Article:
On Sunday, Roger Federer was back in the Wimbledon final. But he faced the stiffest of tests on the road to winning a record eighth title at the All England Club — and a very familiar foe.
No. 1 seed Novak Djokovic was on the other side of the net as the two staged their whopping 35th career meeting against each other. Federer has won 18 to Djokovic’s now 17. Somewhat amazingly, these two had only met once before in a Grand Slam final — Federer’s straight-set win at the 2007 U.S. Open.
Also at stake for Djokovic was the world No. 1 ranking. By winning, he reclaimed the position from Rafael Nadal.
We followed every shot of the match for you right here. Recap all the action and share your thoughts on the match in the comments section below.
Wimbledon gentlemen’s final
1 Novak Djokovic
4 Roger Federer
Game 10: Djokovic leaps out to a 15-40 edge on Federer’s serve and has two more looks at championship point. On the next rally, Federer slaps a backhand into the tape and that does it. Novak Djokovic is your 2014 Wimbledon champion.
Game 9: Djokovic responds with a safe hold, and it’s 5-4. Just a reminder: No tiebreaks in the fifth set at Wimbledon. They’ll play until someone breaks.
Game 8: Just when it feels like Federer has the momentum, Djokovic ends up with a double break point. Federer serves out wide and Djokovic’s return hits the top of the tape and alllllmost creeps over. Federer wins the next point to get it to deuce. Next point to Djokovic for another break chance. Federer saves that one with some dicey play at the net. Another trip to deuce and finally Federer holds on. 4-4. But shaky service games from both of them.
Game 7: Federer is flying around the court and throwing the kitchen sink at Djokovic here, and it’s enough to earn him a break point at 30-40. Some heavy hitting from Djokovic fends it off and secures the hold. 4-3, Novak.
Game 6: A hold at love puts us at 3-3. So far, no indication from Djokovic that he can challenge Federer’s serve here.
Game 5: A long rally at 30-15 tests Djokovic’s fortitude, and he holds tough, winning the point with a volley at the net. An ace up the tee makes it 3-2 as we stay on serve in the middle stages of the fifth.
Game 4: After an extended break for treatment, Djokovic is back on court, but he has nothing much to offer in this Federer service game. A hold at love as Djokovic continues to tug and stretch at his legs. 2-2.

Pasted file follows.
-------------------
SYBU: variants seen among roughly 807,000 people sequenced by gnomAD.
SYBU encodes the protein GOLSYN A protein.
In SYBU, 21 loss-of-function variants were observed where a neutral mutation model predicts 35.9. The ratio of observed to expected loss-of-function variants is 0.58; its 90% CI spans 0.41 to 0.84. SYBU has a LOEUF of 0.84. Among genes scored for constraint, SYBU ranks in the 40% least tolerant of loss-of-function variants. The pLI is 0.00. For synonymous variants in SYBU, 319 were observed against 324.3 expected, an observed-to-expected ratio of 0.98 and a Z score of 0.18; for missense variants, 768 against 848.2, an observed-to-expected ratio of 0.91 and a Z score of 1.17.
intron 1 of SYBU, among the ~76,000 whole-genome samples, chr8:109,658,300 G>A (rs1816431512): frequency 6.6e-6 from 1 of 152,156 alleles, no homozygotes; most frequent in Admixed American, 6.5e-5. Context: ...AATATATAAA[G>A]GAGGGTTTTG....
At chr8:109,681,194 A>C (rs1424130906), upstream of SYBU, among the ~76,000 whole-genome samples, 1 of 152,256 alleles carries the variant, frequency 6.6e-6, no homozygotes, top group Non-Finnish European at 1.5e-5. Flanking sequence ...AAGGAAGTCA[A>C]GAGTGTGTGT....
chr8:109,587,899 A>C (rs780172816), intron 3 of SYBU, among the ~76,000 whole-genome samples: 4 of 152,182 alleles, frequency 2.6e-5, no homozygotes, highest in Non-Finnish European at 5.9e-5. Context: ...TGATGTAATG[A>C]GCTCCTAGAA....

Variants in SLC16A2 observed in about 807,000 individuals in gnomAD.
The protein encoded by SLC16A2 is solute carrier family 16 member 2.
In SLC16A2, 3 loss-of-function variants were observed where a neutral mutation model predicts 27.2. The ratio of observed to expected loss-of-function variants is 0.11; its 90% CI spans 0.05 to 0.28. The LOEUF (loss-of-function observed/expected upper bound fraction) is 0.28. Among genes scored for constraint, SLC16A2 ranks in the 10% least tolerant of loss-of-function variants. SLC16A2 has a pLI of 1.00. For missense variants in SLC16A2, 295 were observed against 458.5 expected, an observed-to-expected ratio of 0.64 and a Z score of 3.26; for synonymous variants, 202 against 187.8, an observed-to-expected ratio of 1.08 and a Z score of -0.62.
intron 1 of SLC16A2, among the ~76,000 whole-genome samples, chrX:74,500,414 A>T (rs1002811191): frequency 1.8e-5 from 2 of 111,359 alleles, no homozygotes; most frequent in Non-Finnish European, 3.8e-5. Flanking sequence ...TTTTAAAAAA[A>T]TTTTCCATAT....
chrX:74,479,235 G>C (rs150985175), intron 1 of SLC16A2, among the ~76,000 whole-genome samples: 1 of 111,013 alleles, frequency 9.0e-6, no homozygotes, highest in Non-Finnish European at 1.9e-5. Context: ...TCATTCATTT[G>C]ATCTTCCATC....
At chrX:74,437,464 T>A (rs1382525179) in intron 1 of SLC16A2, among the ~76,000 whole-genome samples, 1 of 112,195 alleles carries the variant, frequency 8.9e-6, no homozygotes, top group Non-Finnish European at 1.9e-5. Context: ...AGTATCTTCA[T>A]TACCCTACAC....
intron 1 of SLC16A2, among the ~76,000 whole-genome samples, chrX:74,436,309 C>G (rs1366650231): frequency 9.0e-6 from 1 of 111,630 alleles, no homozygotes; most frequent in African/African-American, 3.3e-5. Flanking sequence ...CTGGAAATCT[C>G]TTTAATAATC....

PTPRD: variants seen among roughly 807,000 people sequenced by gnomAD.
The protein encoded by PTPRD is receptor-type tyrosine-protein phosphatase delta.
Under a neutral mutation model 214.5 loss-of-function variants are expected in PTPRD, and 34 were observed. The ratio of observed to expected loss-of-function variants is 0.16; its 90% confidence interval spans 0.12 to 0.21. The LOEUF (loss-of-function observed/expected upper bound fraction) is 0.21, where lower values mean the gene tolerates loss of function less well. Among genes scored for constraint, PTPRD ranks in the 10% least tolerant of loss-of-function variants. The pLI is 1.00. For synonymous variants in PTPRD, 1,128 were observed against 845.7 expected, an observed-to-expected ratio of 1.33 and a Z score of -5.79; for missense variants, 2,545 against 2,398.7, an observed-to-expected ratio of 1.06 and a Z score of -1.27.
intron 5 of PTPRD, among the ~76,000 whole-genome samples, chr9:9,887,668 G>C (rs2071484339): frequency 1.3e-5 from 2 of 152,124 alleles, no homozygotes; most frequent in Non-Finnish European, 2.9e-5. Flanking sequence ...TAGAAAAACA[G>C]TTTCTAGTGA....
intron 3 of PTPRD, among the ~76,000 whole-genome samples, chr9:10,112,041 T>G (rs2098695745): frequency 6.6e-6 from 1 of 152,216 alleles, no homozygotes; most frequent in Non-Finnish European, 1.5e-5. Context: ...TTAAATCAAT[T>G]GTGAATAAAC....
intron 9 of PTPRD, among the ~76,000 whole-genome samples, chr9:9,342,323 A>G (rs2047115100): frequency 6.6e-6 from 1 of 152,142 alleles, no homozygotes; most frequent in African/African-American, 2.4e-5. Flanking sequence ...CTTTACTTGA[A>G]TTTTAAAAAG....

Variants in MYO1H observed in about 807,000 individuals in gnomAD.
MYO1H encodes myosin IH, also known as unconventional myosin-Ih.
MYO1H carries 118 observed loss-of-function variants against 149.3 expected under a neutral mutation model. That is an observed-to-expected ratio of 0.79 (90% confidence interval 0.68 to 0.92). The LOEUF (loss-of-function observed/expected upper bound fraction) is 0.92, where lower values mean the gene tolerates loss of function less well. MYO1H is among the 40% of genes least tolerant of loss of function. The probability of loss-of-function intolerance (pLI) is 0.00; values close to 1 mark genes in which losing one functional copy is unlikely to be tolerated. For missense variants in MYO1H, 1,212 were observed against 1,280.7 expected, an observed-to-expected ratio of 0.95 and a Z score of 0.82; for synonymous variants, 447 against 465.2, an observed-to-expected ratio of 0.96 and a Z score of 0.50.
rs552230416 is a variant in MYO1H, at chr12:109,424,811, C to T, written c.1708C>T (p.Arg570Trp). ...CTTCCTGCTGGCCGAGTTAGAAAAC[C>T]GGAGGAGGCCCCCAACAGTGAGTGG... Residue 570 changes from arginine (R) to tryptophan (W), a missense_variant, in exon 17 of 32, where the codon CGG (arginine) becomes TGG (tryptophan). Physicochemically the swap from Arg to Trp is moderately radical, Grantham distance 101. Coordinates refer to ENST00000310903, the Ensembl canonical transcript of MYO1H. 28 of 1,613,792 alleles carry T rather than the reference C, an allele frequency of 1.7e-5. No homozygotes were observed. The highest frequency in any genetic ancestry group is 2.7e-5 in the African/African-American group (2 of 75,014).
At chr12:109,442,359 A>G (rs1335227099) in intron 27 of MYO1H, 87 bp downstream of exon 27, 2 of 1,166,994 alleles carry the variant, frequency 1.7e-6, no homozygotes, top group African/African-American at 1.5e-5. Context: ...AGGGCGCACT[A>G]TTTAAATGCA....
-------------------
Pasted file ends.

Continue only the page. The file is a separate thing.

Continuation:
Game 3: Djokovic secures the hold, but perhaps some signs that the older Federer is the fitter player right now? Roger still has a pop in his step and made Djokovic labor after a couple of shots in the game. Djokovic called for the trainer on the way to the chair.
Game 2: Federer holds at love, popping in a couple more aces. Who will crack first here under the most intense of pressures?
Game 1: Here we go — one set for the Wimbledon title. After five breaks of serve in a wild fourth set, Djokovic restores a little order off the top, holding comfortably for 1-0.
Game 12: Federer slips out of the gate, losing the first point, but comes back strong. He finishes with a flourish, reeling off four straight points to take the set and force a fifth here in the final. Great stuff.
Game 11: What. A. Turnaround. Federer goes from seemingly dead in the water to grabbing triple break point on Djokovic’s serve here. Djokovic saves the first two, but Federer wins the next rally and will serve to take his ninth career Wimbledon final to a fifth and final set.
Federer celebrates after winning the first set.
Game 10: At 30-15, Federer double faults to 30-30, then makes an error and Djokovic gets his first championship point on the return instead of the serve. Federer saves it on a challenged serve that proves good. Another ace gives Federer the advantage. Djokovic gets it back to deuce. Federer crosses him up on the next point, winning back the advantage. Another strong serve up the tee seals it. We’re at 5-5 in the fourth.
Game 9: Federer gets a big window at 0-30, but Djokovic storms back to win the next two and level it at 30-30. The ensuing rally, ends with Federer whipping a backhand cross-court that Djokovic can’t handle. Break point, Federer. On the next rally, Djokovic again slips and falls while chasing down a Federer forehand, and the point goes to Roger. Hold everything, we’re back on serve.
Game 8: A hold for Federer to make it 5-3, but all that matters now is the next service game.
Game 7: A glimmer of hope for Federer comes at 15-30, but Djokovic stands strong and gets to 5-2.
Game 6: And now time to pay homage to Djokovic’s fighting spirit. He pops right back and breaks again to reclaim the edge. The finish line is just two service games away as he leads 4-2.